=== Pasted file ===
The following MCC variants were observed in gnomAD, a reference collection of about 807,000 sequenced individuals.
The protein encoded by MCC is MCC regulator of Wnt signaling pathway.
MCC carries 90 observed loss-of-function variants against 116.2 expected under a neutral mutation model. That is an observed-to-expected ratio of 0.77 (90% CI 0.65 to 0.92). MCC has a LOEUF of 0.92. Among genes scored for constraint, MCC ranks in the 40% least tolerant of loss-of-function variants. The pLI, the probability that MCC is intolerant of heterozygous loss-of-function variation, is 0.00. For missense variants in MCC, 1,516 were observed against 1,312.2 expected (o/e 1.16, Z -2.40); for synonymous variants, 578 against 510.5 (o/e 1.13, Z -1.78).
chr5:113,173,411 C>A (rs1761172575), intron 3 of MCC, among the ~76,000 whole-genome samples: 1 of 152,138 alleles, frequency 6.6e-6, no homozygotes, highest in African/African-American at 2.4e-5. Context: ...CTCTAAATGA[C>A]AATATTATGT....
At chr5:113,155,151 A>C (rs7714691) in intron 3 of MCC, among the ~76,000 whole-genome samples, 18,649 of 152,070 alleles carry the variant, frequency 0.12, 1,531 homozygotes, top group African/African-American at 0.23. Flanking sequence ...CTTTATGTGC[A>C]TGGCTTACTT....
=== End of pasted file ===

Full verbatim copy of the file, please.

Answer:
The following MCC variants were observed in gnomAD, a reference collection of about 807,000 sequenced individuals.
The protein encoded by MCC is MCC regulator of Wnt signaling pathway.
MCC carries 90 observed loss-of-function variants against 116.2 expected under a neutral mutation model. That is an observed-to-expected ratio of 0.77 (90% CI 0.65 to 0.92). MCC has a LOEUF of 0.92. Among genes scored for constraint, MCC ranks in the 40% least tolerant of loss-of-function variants. The pLI, the probability that MCC is intolerant of heterozygous loss-of-function variation, is 0.00. For missense variants in MCC, 1,516 were observed against 1,312.2 expected (o/e 1.16, Z -2.40); for synonymous variants, 578 against 510.5 (o/e 1.13, Z -1.78).
chr5:113,173,411 C>A (rs1761172575), intron 3 of MCC, among the ~76,000 whole-genome samples: 1 of 152,138 alleles, frequency 6.6e-6, no homozygotes, highest in African/African-American at 2.4e-5. Context: ...CTCTAAATGA[C>A]AATATTATGT....
At chr5:113,155,151 A>C (rs7714691) in intron 3 of MCC, among the ~76,000 whole-genome samples, 18,649 of 152,070 alleles carry the variant, frequency 0.12, 1,531 homozygotes, top group African/African-American at 0.23. Flanking sequence ...CTTTATGTGC[A>C]TGGCTTACTT....